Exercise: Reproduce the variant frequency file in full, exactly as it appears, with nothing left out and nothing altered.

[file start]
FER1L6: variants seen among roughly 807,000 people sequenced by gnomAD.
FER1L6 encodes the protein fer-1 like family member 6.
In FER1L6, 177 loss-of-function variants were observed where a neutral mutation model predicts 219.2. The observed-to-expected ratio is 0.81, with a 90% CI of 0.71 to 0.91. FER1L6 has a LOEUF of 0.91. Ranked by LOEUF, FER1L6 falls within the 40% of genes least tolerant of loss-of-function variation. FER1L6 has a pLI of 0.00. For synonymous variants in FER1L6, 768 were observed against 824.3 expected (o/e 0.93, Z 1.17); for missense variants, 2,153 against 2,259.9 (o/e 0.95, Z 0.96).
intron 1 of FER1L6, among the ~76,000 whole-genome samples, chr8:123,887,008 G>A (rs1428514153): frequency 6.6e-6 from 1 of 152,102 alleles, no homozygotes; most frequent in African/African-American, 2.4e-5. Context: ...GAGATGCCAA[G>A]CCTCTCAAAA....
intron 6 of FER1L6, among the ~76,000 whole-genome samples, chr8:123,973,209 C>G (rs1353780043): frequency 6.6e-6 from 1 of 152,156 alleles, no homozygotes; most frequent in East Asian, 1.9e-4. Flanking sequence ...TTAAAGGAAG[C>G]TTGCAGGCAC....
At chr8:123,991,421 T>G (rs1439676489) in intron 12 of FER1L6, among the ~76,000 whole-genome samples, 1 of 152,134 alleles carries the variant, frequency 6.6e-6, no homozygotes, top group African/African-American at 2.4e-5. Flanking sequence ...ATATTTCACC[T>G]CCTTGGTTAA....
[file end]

FER1L6: variants seen among roughly 807,000 people sequenced by gnomAD.
FER1L6 encodes the protein fer-1 like family member 6.
In FER1L6, 177 loss-of-function variants were observed where a neutral mutation model predicts 219.2. The observed-to-expected ratio is 0.81, with a 90% CI of 0.71 to 0.91. FER1L6 has a LOEUF of 0.91. Ranked by LOEUF, FER1L6 falls within the 40% of genes least tolerant of loss-of-function variation. FER1L6 has a pLI of 0.00. For synonymous variants in FER1L6, 768 were observed against 824.3 expected (o/e 0.93, Z 1.17); for missense variants, 2,153 against 2,259.9 (o/e 0.95, Z 0.96).
intron 1 of FER1L6, among the ~76,000 whole-genome samples, chr8:123,887,008 G>A (rs1428514153): frequency 6.6e-6 from 1 of 152,102 alleles, no homozygotes; most frequent in African/African-American, 2.4e-5. Context: ...GAGATGCCAA[G>A]CCTCTCAAAA....
intron 6 of FER1L6, among the ~76,000 whole-genome samples, chr8:123,973,209 C>G (rs1353780043): frequency 6.6e-6 from 1 of 152,156 alleles, no homozygotes; most frequent in East Asian, 1.9e-4. Flanking sequence ...TTAAAGGAAG[C>G]TTGCAGGCAC....
At chr8:123,991,421 T>G (rs1439676489) in intron 12 of FER1L6, among the ~76,000 whole-genome samples, 1 of 152,134 alleles carries the variant, frequency 6.6e-6, no homozygotes, top group African/African-American at 2.4e-5. Flanking sequence ...ATATTTCACC[T>G]CCTTGGTTAA....